In this week’s podcast episode, I’m talking about two things: why most people use their planners incorrectly, and why using a planner at all sometimes causes us to lose focus on the things that truly matter.
Are you using your planner as a datebook? You need to be here at this time, then here, then make sure you make it to this meeting while your kids get to this place after school. When we use our planner as our datebook, we may have an idea of the times of our appointments and commitments, but we don’t align our weekly focus with the goals we actually want to accomplish in our lives.
I’m not saying a datebook isn’t important. Last week, I asked you all on Facebook whether you kept your appointments and dates in a paper planner or on a digital calendar. Some of you were die-hard paper people. Most of you said you used both. Not one of you (not one!) uses a digital calendar exclusively.
I’ll get into my paper planner in a minute, but for my date book, I exclusively use a Google Calendar (which I detail for you in my Email Organization Course). It lets me share all of my appointments with my family, who each have their own Google Calendar as well. Everyone can see where everyone else is, and with the alerts and reminders feature, we never forget where we need to be because we always have our phones with us.
A traditional planner is just a place for a calendar and a to-do list. This isn’t how I manage to be an extremely productive person. In fact, I don’t have a to-do list at all.
Does that shock you?
It’s not entirely true–I have a collection of tasks I need to check off and things I need to accomplish, just like everyone else. It’s just that my “to-do list” is a series of sticky notes and index cards that live in my Sunday Basket.
I also keep lists (what to buy from the Back to School Blitz, where I’m going on Errand Day, etc.) on my phone, and my contacts are digital now, too. So, many of the things I used in my beloved Franklin Covey planner back in the day are now inherently in my phone. They all come with me wherever I go, and I don’t lose any of them.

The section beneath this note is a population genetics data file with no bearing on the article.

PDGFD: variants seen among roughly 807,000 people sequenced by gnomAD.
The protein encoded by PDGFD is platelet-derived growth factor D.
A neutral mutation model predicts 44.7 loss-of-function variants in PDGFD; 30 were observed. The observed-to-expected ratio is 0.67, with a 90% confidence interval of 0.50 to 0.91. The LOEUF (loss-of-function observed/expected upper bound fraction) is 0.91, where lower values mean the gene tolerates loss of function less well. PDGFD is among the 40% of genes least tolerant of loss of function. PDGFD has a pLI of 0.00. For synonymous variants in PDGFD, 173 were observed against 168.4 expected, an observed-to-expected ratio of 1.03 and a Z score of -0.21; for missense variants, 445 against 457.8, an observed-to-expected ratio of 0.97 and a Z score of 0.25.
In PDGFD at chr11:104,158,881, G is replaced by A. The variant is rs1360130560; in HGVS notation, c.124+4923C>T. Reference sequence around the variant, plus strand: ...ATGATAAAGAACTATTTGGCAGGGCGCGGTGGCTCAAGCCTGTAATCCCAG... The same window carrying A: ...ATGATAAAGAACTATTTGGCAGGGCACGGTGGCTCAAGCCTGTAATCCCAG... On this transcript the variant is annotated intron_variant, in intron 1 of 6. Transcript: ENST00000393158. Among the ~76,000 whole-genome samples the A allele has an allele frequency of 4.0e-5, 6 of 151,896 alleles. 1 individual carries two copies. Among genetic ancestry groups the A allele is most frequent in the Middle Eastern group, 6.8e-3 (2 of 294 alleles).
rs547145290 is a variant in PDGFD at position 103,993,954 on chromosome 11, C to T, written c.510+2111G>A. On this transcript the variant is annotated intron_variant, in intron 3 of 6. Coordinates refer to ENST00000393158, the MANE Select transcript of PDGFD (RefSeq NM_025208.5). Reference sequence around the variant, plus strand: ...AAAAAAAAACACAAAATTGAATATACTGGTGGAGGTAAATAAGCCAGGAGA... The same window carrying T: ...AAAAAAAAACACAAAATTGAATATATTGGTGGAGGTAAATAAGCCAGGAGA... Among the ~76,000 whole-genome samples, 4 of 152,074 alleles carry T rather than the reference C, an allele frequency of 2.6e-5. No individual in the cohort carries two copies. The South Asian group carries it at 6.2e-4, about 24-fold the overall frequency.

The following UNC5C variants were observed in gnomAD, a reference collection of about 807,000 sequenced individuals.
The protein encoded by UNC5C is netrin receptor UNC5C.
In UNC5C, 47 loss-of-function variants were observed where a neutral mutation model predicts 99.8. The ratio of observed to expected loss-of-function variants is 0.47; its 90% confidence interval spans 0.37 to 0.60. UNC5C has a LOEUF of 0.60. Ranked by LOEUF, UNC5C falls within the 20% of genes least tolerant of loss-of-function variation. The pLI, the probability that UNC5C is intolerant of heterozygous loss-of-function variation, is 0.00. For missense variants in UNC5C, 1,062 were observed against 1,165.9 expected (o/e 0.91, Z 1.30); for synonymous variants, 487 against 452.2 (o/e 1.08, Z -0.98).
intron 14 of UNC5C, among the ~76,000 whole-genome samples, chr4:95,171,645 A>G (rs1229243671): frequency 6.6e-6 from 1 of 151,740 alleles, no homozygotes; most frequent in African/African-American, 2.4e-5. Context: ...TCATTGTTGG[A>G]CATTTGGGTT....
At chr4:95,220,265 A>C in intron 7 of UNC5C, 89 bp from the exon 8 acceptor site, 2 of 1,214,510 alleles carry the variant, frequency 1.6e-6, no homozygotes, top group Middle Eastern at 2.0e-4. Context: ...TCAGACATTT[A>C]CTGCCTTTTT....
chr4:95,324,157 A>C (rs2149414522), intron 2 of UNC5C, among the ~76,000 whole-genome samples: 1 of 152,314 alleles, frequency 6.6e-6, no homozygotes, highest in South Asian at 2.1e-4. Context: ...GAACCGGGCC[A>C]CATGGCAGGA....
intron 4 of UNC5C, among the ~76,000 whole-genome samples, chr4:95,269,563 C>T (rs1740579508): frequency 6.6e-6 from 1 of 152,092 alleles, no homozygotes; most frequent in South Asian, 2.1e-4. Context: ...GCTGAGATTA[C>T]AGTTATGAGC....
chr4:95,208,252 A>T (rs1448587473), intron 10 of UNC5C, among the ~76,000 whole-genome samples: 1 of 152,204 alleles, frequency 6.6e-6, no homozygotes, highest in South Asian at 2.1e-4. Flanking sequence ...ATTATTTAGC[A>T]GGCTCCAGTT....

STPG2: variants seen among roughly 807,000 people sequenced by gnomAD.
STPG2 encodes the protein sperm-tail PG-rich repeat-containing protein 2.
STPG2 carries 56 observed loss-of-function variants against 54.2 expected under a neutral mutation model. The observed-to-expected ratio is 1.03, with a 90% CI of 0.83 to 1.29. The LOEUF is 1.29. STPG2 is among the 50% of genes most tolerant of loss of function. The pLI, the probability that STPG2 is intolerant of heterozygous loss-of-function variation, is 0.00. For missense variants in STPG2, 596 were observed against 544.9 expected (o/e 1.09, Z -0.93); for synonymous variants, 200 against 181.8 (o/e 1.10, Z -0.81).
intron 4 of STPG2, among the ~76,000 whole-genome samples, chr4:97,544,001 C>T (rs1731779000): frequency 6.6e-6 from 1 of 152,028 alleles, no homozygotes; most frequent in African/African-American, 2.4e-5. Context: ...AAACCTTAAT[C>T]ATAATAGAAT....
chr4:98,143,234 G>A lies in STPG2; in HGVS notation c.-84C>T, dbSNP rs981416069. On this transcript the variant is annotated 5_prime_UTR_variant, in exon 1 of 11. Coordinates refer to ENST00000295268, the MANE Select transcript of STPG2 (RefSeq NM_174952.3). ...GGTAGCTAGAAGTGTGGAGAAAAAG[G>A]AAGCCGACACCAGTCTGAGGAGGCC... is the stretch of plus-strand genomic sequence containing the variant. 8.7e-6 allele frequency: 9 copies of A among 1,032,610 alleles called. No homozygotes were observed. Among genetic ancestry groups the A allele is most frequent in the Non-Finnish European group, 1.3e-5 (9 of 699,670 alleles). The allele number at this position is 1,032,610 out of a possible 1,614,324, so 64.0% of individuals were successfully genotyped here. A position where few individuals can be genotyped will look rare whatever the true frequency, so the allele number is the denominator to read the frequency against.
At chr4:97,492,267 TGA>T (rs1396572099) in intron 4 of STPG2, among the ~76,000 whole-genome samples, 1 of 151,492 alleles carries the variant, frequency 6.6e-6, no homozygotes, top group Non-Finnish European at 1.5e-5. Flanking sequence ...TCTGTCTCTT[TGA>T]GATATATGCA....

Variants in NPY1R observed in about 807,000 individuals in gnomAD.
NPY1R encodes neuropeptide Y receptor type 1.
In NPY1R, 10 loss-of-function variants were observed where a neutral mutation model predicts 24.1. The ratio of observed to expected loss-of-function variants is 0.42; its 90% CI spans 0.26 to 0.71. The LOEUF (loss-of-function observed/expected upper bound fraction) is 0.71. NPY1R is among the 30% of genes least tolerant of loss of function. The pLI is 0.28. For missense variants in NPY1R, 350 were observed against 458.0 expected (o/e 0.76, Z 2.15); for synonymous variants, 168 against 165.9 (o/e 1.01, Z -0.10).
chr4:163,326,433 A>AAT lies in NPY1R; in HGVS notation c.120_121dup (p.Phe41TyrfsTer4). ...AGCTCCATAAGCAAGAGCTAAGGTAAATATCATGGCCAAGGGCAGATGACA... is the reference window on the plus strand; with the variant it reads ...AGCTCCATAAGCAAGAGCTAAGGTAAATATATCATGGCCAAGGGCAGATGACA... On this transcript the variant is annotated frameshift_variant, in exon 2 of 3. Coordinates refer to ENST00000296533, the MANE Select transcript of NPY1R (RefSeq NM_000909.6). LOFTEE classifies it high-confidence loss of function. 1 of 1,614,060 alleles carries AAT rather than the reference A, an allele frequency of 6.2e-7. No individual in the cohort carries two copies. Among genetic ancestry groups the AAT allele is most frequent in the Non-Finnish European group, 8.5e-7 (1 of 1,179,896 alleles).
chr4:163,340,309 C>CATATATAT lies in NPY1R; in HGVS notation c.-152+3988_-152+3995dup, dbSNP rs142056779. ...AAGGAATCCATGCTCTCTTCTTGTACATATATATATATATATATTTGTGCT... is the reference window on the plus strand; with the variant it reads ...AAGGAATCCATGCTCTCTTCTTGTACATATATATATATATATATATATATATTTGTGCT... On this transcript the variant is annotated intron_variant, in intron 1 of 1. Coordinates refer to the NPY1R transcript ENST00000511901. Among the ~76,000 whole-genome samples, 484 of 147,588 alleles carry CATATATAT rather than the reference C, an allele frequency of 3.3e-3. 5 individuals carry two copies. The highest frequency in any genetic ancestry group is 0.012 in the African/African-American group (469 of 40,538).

The problem with a to-do list, in my opinion, is that it’s never done. You never get to feel fully accomplished. Sure, there’s a rush of achievement when you get to cross something off. That feels great! But once a task dies off your to-do list, five more come to its funeral. It’s never-ending!
If you’ve been around Organize 365 for a while, you know that I divide my year into thirds. The How I Divide My Year Into Thirds episode explains this in great detail, but basically, I have a New Year from January through May, Summer from June through August, and Fall/Winter from September through December. Each of these “years” has its own rhythm and obligations, and I set different goals for each one.
If you are a member of The Productive Home Solution and ordered a planner, you’ll see a list of all the roles and responsibilities we take on as women. It’s a lot, and it’s overwhelming, to say the least. And NO ONE can get it all done!
Yet, we expect ourselves to. Sometimes, others expect us to.
You can’t. But instead of wallowing in that feeling that you’ll never be fully finished, you can free yourself by prioritizing what is truly important. What do you really want to do with your week, your year, and your life?
We have to decide what we should focus on and what we can do.
In Episode 241, I tell a story about the 2018 RISE Convention last September. My son, Joey, got up on stage and talked about how he’d always known I had a business, but going to the conference and hearing all the women speak showed him how much Organize 365™ is affecting women’s lives. It made me stop and realize–I have my flaws as a mother, but I am the right mother for my kids. I’m doing a good job.
I could have become a better cook, but who would have developed the entire Sunday Basket® system? I’m not saying one is better than the other, but I am so fulfilled in my business. I feel like this is my purpose and calling–not cooking.
Organize 365™ helps women get out of depression, save their marriages, and become more organized so that they can spend more time with their kids–not in the laundry room. It doesn’t matter that we don’t eat dinner as a family, I don’t cook from scratch, and I’m not even doing their laundry anymore. Joey is going to be able to run his own business with confidence and capability because he watched me do it.
LIVE your life with purpose. Be productive and be fulfilled. Your kids will see you do that, and then they will be able to live their life with purpose and fulfillment.
Keep that in mind when you’re making your next to-do list.